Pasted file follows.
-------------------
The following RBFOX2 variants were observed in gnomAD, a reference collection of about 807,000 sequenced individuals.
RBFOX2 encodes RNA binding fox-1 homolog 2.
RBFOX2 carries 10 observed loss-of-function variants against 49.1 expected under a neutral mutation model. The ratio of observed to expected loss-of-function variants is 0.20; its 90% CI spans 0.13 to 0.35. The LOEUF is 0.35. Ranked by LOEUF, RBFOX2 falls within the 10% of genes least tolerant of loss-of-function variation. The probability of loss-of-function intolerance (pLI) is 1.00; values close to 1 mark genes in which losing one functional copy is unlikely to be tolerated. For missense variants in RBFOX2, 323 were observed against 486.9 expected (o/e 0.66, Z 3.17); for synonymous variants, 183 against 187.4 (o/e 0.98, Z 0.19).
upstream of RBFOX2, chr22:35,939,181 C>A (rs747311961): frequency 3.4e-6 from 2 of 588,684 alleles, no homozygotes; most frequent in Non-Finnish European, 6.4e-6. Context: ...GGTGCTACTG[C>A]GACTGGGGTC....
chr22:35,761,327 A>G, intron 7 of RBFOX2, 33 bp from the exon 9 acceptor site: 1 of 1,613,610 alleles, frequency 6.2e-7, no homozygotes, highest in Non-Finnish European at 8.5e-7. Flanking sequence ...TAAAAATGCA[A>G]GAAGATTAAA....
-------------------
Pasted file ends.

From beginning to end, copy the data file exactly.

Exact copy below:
The following RBFOX2 variants were observed in gnomAD, a reference collection of about 807,000 sequenced individuals.
RBFOX2 encodes RNA binding fox-1 homolog 2.
RBFOX2 carries 10 observed loss-of-function variants against 49.1 expected under a neutral mutation model. The ratio of observed to expected loss-of-function variants is 0.20; its 90% CI spans 0.13 to 0.35. The LOEUF is 0.35. Ranked by LOEUF, RBFOX2 falls within the 10% of genes least tolerant of loss-of-function variation. The probability of loss-of-function intolerance (pLI) is 1.00; values close to 1 mark genes in which losing one functional copy is unlikely to be tolerated. For missense variants in RBFOX2, 323 were observed against 486.9 expected (o/e 0.66, Z 3.17); for synonymous variants, 183 against 187.4 (o/e 0.98, Z 0.19).
upstream of RBFOX2, chr22:35,939,181 C>A (rs747311961): frequency 3.4e-6 from 2 of 588,684 alleles, no homozygotes; most frequent in Non-Finnish European, 6.4e-6. Context: ...GGTGCTACTG[C>A]GACTGGGGTC....
chr22:35,761,327 A>G, intron 7 of RBFOX2, 33 bp from the exon 9 acceptor site: 1 of 1,613,610 alleles, frequency 6.2e-7, no homozygotes, highest in Non-Finnish European at 8.5e-7. Flanking sequence ...TAAAAATGCA[A>G]GAAGATTAAA....